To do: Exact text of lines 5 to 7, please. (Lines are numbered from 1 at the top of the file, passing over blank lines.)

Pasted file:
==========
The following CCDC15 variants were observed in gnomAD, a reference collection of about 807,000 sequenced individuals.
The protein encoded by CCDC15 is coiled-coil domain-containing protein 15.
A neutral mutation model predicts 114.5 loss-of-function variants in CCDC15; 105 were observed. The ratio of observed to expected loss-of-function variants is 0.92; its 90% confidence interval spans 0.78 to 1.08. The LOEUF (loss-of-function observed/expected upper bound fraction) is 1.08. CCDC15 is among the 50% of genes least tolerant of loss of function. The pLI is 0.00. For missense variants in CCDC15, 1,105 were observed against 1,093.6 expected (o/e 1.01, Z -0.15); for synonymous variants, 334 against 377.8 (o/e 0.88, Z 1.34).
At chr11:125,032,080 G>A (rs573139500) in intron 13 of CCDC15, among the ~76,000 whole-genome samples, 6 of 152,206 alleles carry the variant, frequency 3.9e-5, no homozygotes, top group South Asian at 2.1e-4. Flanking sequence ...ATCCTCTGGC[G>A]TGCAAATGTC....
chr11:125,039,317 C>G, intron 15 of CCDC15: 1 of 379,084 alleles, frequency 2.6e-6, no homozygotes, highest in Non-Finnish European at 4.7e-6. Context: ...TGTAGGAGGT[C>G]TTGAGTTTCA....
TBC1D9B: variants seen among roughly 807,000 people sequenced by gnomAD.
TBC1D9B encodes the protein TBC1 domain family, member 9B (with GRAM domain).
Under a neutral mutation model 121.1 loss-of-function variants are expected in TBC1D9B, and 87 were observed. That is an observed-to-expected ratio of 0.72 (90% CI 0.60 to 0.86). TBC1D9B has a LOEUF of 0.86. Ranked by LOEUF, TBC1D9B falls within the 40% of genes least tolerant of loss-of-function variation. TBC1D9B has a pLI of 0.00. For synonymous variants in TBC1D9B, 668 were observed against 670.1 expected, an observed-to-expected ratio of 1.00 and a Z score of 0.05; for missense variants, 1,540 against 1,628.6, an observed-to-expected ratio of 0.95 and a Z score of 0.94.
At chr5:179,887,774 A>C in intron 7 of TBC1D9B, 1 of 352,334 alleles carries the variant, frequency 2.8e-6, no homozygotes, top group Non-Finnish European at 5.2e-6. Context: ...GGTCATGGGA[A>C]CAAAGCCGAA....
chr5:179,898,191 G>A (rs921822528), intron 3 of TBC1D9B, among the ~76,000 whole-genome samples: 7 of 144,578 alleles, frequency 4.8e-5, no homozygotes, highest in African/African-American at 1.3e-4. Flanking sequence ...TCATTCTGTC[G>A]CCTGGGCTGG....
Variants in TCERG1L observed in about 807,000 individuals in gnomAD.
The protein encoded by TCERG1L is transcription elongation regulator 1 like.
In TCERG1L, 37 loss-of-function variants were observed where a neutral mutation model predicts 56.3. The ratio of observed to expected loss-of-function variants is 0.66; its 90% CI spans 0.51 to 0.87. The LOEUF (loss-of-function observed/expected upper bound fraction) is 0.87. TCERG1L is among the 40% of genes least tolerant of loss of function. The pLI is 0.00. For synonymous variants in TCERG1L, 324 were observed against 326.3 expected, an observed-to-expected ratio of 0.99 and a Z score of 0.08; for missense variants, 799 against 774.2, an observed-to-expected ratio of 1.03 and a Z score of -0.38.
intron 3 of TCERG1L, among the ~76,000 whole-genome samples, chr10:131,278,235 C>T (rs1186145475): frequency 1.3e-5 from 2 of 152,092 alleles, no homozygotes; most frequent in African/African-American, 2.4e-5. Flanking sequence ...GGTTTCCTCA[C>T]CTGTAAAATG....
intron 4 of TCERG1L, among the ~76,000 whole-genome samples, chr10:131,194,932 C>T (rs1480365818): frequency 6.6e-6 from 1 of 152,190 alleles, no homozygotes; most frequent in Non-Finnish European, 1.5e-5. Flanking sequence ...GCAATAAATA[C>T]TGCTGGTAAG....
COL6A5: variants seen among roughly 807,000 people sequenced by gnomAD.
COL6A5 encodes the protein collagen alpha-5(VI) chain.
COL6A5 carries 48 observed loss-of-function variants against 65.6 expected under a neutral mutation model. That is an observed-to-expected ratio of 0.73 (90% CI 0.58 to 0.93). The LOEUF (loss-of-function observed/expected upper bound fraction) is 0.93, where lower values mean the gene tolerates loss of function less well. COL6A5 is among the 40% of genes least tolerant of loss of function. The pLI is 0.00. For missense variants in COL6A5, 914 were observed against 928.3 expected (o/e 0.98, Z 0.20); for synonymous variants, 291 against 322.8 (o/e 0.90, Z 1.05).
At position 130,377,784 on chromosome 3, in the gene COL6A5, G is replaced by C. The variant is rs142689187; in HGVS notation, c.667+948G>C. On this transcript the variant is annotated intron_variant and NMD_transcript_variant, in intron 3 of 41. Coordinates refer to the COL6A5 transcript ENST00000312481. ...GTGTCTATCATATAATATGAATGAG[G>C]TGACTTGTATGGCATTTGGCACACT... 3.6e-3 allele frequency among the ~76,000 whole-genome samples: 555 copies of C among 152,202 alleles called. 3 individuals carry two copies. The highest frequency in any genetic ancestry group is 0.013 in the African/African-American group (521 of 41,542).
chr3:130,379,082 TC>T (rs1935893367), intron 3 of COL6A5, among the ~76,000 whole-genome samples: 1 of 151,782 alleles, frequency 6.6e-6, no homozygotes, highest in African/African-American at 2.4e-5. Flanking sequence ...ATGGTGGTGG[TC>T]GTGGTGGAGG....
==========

chr11:125,039,317 C>G, intron 15 of CCDC15: 1 of 379,084 alleles, frequency 2.6e-6, no homozygotes, highest in Non-Finnish European at 4.7e-6. Context: ...TGTAGGAGGT[C>G]TTGAGTTTCA....
TBC1D9B: variants seen among roughly 807,000 people sequenced by gnomAD.
TBC1D9B encodes the protein TBC1 domain family, member 9B (with GRAM domain).